Duty-free does not necessarily mean cheap (it really pays to do some research here, if you have the time), but generally speaking cigarettes will be less expensive everywhere else in the world than in Ireland, often alcohol as well. But there are strictly enforced allowances for importing duty-free goods into Ireland (and other EU countries, should you make a stop-over in, for instance, Frankfurt or Paris). The maximum quantities that can be imported without incurring duties and taxes are:

  • 200 cigarettes or
  • 100 cigarillos or
  • 50 cigars or
  • 250 grams of tobacco (all per adult);
  • 1 liter of spirits (e.g. whiskey, gin or vodka) or
  • 2 liters of intermediate products (e.g. sparkling or fortified wine, port, sherry),
  • 4 liters of still wine,
  • 16 liters of beer (all per adult);
  • goods (mainly gifts, or anything you won’t take back home with you) to the maximum value of € 430 per adult and
  • € 215 per child under 15 years.

Please note that allowances for flight crews are much lower. Just in case nobody told you in training.

Importing Cheap Goods From Other EU Countries Into Ireland

If you are buying goods in other EU countries, all relevant dues and taxes should already be paid in-country - hence according to the “free movement of goods” that is part of the EU treaties, you can bring your stuff across the border without problems. And it works a treat, a car full with booze and cigarettes in reasonable quantities and plain sight does not even raise a custom offocer’s eyebrow. But only if you shop within reason, and for “personal use”. To have a guideline for travelers, the following quantities are generally accepted to be for your personal use (as an adult):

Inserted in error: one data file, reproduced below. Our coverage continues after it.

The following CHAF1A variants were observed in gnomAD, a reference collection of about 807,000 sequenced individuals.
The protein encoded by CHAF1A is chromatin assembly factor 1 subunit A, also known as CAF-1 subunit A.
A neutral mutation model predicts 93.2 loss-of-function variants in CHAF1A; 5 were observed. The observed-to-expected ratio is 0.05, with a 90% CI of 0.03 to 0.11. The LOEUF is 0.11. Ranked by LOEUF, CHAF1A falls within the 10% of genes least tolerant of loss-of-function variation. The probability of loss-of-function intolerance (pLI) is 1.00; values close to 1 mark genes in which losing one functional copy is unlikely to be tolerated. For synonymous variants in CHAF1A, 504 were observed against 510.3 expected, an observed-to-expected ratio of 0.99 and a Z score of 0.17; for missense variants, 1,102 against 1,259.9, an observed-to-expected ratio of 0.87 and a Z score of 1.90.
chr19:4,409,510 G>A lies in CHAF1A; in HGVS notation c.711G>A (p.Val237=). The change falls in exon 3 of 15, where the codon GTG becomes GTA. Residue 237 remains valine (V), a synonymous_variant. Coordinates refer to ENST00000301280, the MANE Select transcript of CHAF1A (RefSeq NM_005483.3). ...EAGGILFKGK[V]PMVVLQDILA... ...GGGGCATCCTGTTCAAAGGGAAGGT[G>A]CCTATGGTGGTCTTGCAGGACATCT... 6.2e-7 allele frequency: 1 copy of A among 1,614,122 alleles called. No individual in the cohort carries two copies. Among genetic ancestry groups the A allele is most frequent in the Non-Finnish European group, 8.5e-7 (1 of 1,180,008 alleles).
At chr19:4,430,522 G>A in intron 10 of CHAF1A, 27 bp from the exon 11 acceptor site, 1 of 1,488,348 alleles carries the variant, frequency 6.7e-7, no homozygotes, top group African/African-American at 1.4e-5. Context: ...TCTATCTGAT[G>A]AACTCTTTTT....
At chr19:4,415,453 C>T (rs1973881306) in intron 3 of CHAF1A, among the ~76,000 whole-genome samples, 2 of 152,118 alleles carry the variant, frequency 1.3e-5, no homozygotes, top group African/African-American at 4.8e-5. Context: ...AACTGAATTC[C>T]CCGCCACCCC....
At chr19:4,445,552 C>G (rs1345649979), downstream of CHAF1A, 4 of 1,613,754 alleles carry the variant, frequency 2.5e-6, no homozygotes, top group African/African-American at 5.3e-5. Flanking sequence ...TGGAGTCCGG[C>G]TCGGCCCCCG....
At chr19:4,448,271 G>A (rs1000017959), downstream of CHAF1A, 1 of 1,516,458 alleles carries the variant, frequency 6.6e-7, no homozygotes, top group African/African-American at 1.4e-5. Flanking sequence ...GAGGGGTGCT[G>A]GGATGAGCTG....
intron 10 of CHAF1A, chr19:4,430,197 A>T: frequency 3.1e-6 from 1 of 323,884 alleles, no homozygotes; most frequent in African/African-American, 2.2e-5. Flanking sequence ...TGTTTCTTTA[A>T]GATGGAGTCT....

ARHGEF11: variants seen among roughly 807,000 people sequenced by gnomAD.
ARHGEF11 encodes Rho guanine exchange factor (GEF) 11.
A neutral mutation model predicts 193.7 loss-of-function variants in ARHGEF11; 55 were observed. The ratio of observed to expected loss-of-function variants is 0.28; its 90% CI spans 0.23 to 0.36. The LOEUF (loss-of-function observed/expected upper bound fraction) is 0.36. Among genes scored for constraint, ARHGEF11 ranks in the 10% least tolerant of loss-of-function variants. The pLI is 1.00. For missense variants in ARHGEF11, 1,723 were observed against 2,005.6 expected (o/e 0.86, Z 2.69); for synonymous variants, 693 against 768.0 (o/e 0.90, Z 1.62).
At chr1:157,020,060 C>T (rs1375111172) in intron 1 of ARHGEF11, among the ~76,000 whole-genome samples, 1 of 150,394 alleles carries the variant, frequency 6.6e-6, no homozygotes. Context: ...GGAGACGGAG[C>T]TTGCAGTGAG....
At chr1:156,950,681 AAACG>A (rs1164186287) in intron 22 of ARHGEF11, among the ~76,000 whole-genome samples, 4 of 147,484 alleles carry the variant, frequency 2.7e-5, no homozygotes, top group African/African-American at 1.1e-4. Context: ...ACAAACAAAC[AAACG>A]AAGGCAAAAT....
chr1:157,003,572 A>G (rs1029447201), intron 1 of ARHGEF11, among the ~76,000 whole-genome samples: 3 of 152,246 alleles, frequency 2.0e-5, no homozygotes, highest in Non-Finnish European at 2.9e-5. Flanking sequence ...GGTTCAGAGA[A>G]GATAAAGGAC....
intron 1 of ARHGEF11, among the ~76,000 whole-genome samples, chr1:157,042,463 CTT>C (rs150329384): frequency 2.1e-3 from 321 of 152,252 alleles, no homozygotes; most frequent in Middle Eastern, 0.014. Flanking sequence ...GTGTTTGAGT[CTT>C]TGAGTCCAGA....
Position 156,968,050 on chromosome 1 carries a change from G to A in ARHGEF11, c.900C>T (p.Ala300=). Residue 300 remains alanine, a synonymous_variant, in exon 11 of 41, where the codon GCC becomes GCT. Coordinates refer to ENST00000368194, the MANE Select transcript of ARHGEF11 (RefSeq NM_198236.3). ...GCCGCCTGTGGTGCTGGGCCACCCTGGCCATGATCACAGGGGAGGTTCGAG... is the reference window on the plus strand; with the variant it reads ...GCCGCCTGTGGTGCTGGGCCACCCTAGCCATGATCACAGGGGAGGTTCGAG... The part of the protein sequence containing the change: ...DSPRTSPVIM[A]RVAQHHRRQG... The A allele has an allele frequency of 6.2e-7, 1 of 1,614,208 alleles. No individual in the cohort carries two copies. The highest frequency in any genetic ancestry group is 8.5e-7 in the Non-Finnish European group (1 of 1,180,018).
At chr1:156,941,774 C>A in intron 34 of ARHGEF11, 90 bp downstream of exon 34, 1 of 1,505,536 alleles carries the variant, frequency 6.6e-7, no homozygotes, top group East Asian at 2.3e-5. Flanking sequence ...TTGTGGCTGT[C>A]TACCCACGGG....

• Cigarettes - 800.
  • cigarillos - 400.
  • cigars - 200,
  • smoking tobacco - 1 kg,
  • spirits like whiskey, vodka, or gin - 10 liters,
  • intermediate Products like sherry, port, or similar - 20 liters
  • wine - 90 liters, but a maximum of 60 liters may be sparkling wine,
  • beer - 110 liters.

Note that there is no distinction between brands and/or quality - 60 liters of sparkling wine may be Dom Pérignon’s finest vintage, or the cheapest plonk you grabbed in a German discount supermarket.

However, a distinction is being made as to the origin of cigarettes - a maximum of 300 cigarettes purchased in Bulgaria, Croatia, Hungary, Latvia, Lithuania, or Romania may be imported. County of origin is determined by the tax stamp on the pack itself … thus cheap East European cigarettes bought at a German or Austrian market (an illegal trade in itself) do not magically qualify as German or Austrian cigarettes for import purposes.

How to Handle Customs in Style

Generally speaking you should be friendly, answer any questions truthfully, and if in doubt ask an officer for assistance. Paying taxes is always cheaper than getting caught smuggling. Though this low-key approach might not be for everyone: Oscar Wilde was once asked by US Customs whether he had anything to declare. "Nothing but my genius," quipped the Irish author.

Was this page helpful?